Never. And I'm not sure how that started. We are very protective of the parking we do already have, for obvious reasons, and perhaps people just couldn't imagine we had anything else in mind. The truth is our plan all along has been to extend the patio north along the sidewalk with an entirely new structure that will offer a lot to our customers and our neighbors. The plans are looking very good right now, and I think when they are made public it will go a long way in drying some misguided tears.

We've never heard this place referred to as the "Atwater House" before this last month. Have you?

This is an insult to my family and me. Nobody ever called it that up until two weeks ago. Atwater sold his house decades ago. The Atwaters haven 't been paying the property tax, insurance, and maintenance bills on the house. It's textbook propaganda. This is the Georgiadis House--for now. I commend these groups' organizational skills, and I wish I had the time to do the same sorts of things they do, like meetings, protests, fliers and petitions. Unfortunately, we're busy running a restaurant, one that that I think has contributed a lot to the character of the Elmwood Village.

How are you guys planning on responding to all the hubbub?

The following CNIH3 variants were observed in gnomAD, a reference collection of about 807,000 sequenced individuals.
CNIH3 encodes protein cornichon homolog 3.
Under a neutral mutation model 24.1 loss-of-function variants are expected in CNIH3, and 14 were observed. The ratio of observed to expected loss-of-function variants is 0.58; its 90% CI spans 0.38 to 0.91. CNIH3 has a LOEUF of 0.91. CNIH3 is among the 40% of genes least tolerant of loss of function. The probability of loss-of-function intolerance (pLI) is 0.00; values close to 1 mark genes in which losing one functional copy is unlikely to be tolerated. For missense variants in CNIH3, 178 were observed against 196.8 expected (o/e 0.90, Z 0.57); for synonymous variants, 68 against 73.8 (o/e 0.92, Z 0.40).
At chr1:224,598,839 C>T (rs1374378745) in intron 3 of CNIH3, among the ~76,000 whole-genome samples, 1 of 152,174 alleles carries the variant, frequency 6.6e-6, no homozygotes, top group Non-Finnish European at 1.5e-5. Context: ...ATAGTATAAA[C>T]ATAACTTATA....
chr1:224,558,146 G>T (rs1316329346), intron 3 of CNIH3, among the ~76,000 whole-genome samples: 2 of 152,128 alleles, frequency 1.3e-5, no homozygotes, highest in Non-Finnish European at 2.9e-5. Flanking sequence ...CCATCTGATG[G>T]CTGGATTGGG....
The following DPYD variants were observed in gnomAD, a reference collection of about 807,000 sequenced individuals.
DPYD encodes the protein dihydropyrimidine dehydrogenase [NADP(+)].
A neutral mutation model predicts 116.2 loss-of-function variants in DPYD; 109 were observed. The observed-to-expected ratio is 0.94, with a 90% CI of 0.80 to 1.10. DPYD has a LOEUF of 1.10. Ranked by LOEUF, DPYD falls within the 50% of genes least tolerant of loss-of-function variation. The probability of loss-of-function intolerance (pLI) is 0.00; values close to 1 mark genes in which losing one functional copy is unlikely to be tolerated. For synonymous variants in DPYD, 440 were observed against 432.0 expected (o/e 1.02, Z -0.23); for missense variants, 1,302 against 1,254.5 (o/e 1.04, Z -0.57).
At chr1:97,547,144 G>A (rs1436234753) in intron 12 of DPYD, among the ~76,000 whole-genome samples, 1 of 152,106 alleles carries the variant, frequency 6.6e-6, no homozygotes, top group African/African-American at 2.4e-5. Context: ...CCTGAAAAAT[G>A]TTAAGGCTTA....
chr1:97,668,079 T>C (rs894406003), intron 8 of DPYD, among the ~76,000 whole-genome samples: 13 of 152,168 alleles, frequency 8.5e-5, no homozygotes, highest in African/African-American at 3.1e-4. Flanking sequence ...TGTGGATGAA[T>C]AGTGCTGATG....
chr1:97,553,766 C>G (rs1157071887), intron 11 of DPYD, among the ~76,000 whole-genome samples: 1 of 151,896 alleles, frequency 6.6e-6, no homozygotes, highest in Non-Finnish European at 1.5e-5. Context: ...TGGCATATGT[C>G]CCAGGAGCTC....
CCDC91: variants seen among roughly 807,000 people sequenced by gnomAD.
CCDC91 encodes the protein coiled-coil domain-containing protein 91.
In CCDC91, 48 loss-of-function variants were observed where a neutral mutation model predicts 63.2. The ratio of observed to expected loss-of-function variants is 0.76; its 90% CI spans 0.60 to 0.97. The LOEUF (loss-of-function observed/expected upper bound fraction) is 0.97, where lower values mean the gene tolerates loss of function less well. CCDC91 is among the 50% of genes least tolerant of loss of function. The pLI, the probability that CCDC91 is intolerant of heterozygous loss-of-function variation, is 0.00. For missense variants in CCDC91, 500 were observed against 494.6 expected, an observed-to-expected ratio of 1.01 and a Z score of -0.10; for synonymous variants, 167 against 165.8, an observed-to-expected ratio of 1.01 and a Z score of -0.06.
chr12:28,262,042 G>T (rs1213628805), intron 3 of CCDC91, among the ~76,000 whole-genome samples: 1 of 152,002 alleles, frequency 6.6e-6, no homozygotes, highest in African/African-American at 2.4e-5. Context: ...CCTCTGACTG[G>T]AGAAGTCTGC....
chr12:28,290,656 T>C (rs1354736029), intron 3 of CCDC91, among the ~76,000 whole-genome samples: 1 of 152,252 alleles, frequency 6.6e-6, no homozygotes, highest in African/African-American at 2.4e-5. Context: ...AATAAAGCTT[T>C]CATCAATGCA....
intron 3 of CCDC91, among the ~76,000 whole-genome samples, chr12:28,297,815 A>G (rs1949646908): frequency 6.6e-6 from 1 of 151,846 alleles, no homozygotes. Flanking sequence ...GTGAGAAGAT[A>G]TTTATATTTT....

We don't really need to, but we have done a few interviews like this. Mostly it has been others-TV, radio-wanting our response. To those who are so in love with this old structure we have offered the house for free, with a $15,000 bonus to move it to another lot.

One aspect I think a lot of people are missing is how bad the house is on the inside. Way back before we bought it the house was gutted. It is now three units, two commercial downstairs and one three-bedroom apartment upstairs. The whole thing is modern inside. No leaded glass, ornate woodwork, or antique fireplaces here. I actually lived there myself for four years. I have a lot of fond memories there and I will be a little sad myself to see it go. It was at one time a nice house, but it hasn't been for quite sometime. Nothing lasts forever.

Before that house was there, someone had to knock down trees. Why didn't we protest that? This is progress in a city that needs it bad. If we adhered to preservation logic, we would all still be living in caves. We love our block and have a huge interest in keeping it alive.

Has the "boycott" affected business?

Not at all. This past month has been great for us. We are really looking forward to the increased seating; we hate to make people wait to sit.

Isn't a vacant building more of an eyesore than even a parking lot would be?

You would think so. Many have asked why we don't rent it out anymore. Well, it's just not that big inside. I don't see how a person with the drive to open his or her own business would want to do it there; It's a shoebox. If you don't believe me, come by and I'll show you. Also we are restaurant people, not landlord people. We're just not interested in doing that anymore. We are going to put the land to better use. We'll gain maybe 7-8 new parking spots from this, but they won't be visible from the street, and will mostly come from diverting the current driveway, not from the demolition.

Won't a bigger restaurant overtax the kitchen?

We expanded our kitchen last summer in anticipation of this. We did it by shrinking our parking lot. People complained about that, too.